Perhaps the MP expenses scandal will awaken the UK electorate to a similar sense of governmental skepticism. If such a nationwide mentality were to develop and lead the public to take matters into their own hands (i.e. tell the government that it has had its chance at managing the national infrastructure, and it is time for the citizenry and the markets to take over), then what is now a blight on the reputation of Parliament may eventually be celebrated as the first step towards freedom.

Jacqui Smith's expenses


I’ve never been the biggest fan of Jacqui Smith, but her latest interview makes me wonder how and why she remained in one of the most crucial public jobs for so long. She seems genuinely unremorseful for her part in the expenses scandal and still fails to understand why the public are so angered.

She claims that she was treated unfairly by the media and the public, as she received a lot more criticism than other MPs who had made claims for much greater amounts. She sounds like a school playground excuse, ‘the other children are all misbehaving too!’

The fact is, one of the jobs of a Home Secretary is to combat crime, her position became untenable once she decided to start robbing us of our hard-earned money. Like many MPs she thought she had the ‘right; to whatever she wanted without any repercussions.

It is difficult to get into the mindset of an MP who fiddles their expenses but still tries to convince themselves and the public that they only ever went into politics to help society. They’re either still trying to pull the wool over our eyes, or they’re pulling it over their own. In the interview Jacqui Smith claims that she stepped down from politics because it was the right thing to do ‘for her’ and ’her family’ – well at least she’s not lying to us any more, she admits there was no consideration for the public in her decision to step down. She had simply milked the system for as much as she could.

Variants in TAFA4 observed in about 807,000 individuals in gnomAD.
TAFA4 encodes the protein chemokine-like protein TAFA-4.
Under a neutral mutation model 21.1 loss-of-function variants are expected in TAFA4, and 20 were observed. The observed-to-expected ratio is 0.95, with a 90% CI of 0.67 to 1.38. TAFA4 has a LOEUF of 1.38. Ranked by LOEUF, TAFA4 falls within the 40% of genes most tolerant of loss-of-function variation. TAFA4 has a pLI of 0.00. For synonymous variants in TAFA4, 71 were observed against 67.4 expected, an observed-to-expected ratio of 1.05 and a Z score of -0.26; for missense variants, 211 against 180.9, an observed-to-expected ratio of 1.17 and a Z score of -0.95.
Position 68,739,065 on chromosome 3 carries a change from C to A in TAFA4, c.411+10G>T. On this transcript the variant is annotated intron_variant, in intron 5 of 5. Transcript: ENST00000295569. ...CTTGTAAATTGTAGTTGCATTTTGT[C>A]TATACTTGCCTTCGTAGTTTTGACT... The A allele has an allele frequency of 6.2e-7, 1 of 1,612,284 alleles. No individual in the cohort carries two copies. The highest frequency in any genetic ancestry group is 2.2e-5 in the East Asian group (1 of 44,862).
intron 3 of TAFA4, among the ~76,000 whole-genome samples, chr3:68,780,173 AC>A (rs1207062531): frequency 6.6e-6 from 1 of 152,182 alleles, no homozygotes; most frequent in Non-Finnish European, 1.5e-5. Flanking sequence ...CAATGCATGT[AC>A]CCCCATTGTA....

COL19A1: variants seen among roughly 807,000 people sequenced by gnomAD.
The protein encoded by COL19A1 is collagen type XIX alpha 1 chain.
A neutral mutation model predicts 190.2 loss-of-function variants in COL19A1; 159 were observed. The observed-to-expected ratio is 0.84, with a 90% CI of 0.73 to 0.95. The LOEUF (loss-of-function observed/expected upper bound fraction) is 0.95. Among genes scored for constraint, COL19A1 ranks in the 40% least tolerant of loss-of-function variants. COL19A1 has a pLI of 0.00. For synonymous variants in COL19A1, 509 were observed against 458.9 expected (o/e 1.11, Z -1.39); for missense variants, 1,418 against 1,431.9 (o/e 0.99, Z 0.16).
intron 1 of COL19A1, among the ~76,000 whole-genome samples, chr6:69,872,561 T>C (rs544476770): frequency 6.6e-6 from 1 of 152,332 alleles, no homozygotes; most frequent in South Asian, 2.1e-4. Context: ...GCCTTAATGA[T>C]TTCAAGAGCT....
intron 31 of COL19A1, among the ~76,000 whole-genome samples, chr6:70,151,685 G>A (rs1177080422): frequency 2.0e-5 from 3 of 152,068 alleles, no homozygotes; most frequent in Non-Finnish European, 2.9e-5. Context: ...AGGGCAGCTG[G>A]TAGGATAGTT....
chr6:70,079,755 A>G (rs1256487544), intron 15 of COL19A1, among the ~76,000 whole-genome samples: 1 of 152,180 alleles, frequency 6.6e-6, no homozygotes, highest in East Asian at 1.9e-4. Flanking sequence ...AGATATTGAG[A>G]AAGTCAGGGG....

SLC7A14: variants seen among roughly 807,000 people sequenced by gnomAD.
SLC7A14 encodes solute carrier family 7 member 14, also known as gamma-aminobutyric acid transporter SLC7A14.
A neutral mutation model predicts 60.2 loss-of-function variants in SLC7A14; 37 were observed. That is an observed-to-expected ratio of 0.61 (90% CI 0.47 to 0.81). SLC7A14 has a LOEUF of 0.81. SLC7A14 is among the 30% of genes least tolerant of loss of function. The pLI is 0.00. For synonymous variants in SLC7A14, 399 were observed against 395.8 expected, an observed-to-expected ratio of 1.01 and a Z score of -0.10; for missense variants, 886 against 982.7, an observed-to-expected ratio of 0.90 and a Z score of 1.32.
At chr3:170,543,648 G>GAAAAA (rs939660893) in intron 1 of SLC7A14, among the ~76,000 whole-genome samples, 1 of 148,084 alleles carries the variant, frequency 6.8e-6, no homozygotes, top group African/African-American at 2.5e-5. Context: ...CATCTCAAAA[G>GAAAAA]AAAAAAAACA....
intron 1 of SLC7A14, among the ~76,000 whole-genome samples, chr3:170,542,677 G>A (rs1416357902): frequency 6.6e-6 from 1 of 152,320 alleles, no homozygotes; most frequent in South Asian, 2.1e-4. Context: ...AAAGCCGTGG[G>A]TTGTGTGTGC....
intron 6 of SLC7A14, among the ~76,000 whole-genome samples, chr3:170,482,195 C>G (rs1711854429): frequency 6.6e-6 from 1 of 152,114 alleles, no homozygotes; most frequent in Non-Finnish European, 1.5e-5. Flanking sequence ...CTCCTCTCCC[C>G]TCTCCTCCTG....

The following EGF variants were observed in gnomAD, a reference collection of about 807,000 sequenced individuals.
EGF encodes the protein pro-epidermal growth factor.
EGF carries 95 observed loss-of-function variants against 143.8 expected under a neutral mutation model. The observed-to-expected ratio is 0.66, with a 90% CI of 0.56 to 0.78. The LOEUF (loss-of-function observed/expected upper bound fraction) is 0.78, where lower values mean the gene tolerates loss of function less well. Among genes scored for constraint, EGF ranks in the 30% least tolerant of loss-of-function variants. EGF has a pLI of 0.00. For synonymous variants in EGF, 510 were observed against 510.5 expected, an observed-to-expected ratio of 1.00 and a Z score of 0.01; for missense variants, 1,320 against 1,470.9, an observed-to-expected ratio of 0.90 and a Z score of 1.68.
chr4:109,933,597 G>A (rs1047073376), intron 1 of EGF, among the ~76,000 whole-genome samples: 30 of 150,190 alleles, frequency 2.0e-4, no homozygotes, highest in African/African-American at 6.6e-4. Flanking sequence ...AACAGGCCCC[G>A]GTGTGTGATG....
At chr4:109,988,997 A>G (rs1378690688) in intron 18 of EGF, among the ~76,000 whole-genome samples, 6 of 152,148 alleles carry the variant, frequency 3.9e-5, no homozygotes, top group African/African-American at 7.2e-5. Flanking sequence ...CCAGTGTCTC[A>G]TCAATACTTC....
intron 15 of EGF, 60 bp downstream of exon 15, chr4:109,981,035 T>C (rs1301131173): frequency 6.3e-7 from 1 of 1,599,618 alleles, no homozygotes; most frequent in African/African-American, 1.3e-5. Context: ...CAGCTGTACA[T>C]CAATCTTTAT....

The real kicker came when she admitted, with a ‘butter wouldn’t melt’ face, that she would probably still be in public office if the expenses had not been exposed. Yes Jacqui, it’s our fault you’re corrupt!

Journalism and the expenses scandal


Sunday Telegraph editor Ian Macgregor (left) was our guest at a power lunch in Westminster this week. His topic was "The importance of journalism in modern society".

And of course, that's a topic that Telegraph have earned a right to talk about in the last couple of months, with their brilliantly handled investigation into MPs expenses. There's no question the story has been good for the Telegraph's business, winning them many thousands of new readers. But I also think they have performed a genuine public service, by making people realize that you just can't trust politicians to be responsible with taxpayers' money.